The Drill-Down On Data Warehousing

If you’re not analyzing all the data collected by your ERP (enterprise resource planning) and CRM (customer relationship management) solutions, it might as well be collecting dust on a shelf.

The English language is full of peculiar words that sound like they should mean one thing and actually mean something else. For instance, ever wonder why you park in a driveway and drive on a parkway? When you apply this concept to technology, these terms become more confusing than they are amusing. One technology that seems to take the cake on word usage is data warehousing. When you think of a warehouse, for instance, what are some visuals that come to mind? “When most people think of data warehousing, they think of huge backup storage databases,” says Benjamin Taub, president of Dataspace Inc. (Ann Abor, MI). “Data warehousing is the technology necessary to gather data from disparate systems, integrate it into one place, and make it available for end users.”

Let’s break down Taub’s working definition of data warehousing a few steps further. The first part is gathering data from disparate systems. Even small- to medium-sized enterprises often use applications that either run on disparate platforms (Windows NT and UNIX) or run disparate databases (DB2 and Oracle). If a salesperson, for instance, wants to link customer information from the sales databases (NT-based) with accounting’s database (UNIX-based) to get a better picture of his customers, he has to call the IT person. The IT person has to export the data from the accounting database into SQL-friendly application and then link the data to the SQL database.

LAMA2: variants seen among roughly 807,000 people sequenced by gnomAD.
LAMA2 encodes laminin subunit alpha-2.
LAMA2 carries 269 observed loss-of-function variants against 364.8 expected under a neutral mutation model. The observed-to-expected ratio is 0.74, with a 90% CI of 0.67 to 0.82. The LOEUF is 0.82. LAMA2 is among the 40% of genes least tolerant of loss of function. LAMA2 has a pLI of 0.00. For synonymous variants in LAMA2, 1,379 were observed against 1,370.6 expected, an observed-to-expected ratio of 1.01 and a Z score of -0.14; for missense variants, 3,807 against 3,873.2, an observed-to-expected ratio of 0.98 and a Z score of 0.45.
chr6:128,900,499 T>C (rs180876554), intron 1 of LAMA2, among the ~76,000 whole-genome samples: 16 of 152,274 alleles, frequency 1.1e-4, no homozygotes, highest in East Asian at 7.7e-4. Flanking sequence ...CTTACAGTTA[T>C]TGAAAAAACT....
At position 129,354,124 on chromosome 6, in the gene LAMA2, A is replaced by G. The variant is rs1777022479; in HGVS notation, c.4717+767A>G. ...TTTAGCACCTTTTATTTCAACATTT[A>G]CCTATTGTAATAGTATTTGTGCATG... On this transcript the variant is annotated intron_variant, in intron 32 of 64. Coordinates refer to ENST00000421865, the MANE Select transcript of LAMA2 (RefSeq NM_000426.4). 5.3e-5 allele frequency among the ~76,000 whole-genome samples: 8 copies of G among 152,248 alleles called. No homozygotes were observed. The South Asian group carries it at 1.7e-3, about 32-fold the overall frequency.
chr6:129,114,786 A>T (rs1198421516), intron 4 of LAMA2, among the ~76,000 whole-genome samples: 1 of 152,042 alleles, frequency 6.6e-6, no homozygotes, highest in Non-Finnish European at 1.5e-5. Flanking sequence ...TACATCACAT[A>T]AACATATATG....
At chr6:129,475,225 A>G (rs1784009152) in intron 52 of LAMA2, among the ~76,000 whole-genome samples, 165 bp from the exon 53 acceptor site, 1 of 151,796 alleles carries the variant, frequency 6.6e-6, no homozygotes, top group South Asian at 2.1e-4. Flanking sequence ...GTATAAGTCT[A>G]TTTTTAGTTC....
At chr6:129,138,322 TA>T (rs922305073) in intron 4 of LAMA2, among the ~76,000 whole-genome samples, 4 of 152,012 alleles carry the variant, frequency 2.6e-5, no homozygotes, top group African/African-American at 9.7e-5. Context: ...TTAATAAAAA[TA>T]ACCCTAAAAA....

The problem with this is threefold: First, the accounting data is no longer live, which means that it loses relevance each day and has to be manually refreshed every time the salesperson wants to do an analysis. The second problem is that if several salespeople are making requests, the IT person can find himself making a full-time job out of manually exporting data and linking tables within a database. The third problem is that the salesperson will typically discover that accounting’s data doesn’t always match up nicely with his data, which makes for “dirty data,” and inaccurate query and reporting results.

Thus, the debate begins: Should accounting to expected to change “W. Smith” in its database to “William Smith” or should sales change “Bill Smith” in its database to “W.” or “William?” Multiply this by thousands of records and multiple requesters, and you begin to see the enormity of the task at hand.

The second part of the data warehouse definition is integrating data into one place. This part of the data warehousing process involves specialized tools know as ETL (extract, transform, load). These tools take all the disparate data, which resides in databases using disparate programming languages, transforms it into a common language, and copies it into a single, integrated

By: Jay McCall

Source: Integrated Solutions


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